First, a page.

“It's in my neighborhood, like downtown used to be,” said Gayle Marco, an associate professor specializing in retail marketing at Robert Morris College in Pittsburgh. “I can run there on my way home from work and it's not, quote, a major trip.

        “It's more a kind of community thing.”

Less chaos?
        If malls are changing, they are doing so incrementally. The open-air approach seems to be the latest attempt to meet a fickle public and its onging need for convenience and comfort.

        Retail developers say indoor malls can seem claustrophobic and chaotic to those who feel overwhelmed by work pressures, personal demands and family needs. As society becomes a tougher place to live and work, retail centers try to position themselves as refuges from the storm.

        “The bottom line here is that people enjoy being outdoors,” said Jud Kline, an architect with Herschman Architects, a Cleveland firm that for 25 years has specialized in retail development. “The malls have sort of lost their vibrance as they matured. (They) became these vast caverns of retail activity. They escaped the interest of individual consumers.”

        Developers and consumer behaviorists say enclosed malls can be overwhelming in terms of store signage, sound and crowds. Many noted the growing popularity of malls as a teen hangout, which can make less-secure shoppers uncomfortable about their safety.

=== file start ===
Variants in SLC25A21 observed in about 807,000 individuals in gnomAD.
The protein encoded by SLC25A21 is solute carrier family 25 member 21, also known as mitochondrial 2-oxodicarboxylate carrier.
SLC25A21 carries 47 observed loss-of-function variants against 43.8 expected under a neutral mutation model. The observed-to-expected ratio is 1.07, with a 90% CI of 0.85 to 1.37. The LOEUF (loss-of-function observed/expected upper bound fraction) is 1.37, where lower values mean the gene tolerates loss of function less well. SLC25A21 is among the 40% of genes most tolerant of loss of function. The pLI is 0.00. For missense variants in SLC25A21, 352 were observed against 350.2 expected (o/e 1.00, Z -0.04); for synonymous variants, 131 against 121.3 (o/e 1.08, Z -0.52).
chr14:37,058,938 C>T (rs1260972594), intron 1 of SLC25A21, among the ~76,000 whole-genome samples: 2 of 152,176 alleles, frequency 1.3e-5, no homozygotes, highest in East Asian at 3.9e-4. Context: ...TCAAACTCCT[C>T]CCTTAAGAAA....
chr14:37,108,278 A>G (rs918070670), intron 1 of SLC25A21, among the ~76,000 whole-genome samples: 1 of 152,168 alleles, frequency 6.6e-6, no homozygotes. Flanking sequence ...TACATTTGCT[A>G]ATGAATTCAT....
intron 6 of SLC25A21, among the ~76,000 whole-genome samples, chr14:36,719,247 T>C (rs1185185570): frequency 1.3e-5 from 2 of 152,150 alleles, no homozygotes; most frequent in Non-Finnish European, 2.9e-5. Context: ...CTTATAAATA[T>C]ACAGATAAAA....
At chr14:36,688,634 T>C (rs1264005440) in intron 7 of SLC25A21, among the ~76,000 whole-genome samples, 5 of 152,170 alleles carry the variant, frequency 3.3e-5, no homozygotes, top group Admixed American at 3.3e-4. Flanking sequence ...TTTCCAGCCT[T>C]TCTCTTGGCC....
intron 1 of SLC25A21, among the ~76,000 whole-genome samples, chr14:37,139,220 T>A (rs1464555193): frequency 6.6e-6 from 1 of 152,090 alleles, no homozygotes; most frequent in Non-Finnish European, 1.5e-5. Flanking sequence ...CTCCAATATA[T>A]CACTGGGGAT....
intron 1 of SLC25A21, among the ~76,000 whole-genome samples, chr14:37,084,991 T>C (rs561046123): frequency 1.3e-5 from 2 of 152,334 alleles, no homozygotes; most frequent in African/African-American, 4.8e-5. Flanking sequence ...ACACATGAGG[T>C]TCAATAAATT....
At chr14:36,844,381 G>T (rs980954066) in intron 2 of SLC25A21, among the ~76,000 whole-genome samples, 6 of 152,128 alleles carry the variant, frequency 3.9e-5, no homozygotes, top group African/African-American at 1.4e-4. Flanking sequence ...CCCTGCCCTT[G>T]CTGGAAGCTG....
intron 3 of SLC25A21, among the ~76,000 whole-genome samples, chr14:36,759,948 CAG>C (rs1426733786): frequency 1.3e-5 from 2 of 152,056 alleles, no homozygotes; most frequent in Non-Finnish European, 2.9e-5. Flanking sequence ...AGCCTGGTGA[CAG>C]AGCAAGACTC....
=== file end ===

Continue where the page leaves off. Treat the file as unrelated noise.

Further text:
Open-air malls, in contrast, feel more spacious simply because they have no roof. And because these malls cater to a specific type of shopper — professional, educated and middle- to upper-middle class — the tenant mix is consistent.

Less travel
        “I like the idea,” said Hyde Park resident Kathy Greiner, talking about the coming Rookwood Commons. “It probably will cut down on my trips to Kenwood Towne Centre.”

        But, Ms. Greiner said, she would still visit the mall for lengthy shopping trips.

        Encouraging shoppers to stay longer is a challenge open-air mall developers are trying to meet. At the planned Rookwood Commons, landscaping, music, benches and wide sidewalks will punctuate popular upscale chains. The mall also will offer four restaurants that cover casual to white-tablecloth and a tenant mix that includes home and fashion. Among the stores will be Abercrombie & Fitch, Ann Taylor, Z. Gallerie, and Bed, Bath & Beyond.

        The center also will include an office center that can serve as the daytime community.

        “It's not going to look like a strip center, it's going to look more like a streetscape,” said Mr. Fallon from Jeffrey Anderson, Rookwood's developer. “That's why you call it lifestyle. It's pleasant. It's really the best of all types of retail.”

        Madison Marquette Realty, which is behind several open-air malls including the one to be built at Union Centre, likes to include fountains, brick walkways, gardens and benches. Many of its projects include Ann Taylor, Talbott's, Brooks Brothers, William-Sonoma, movie theaters and restaurants.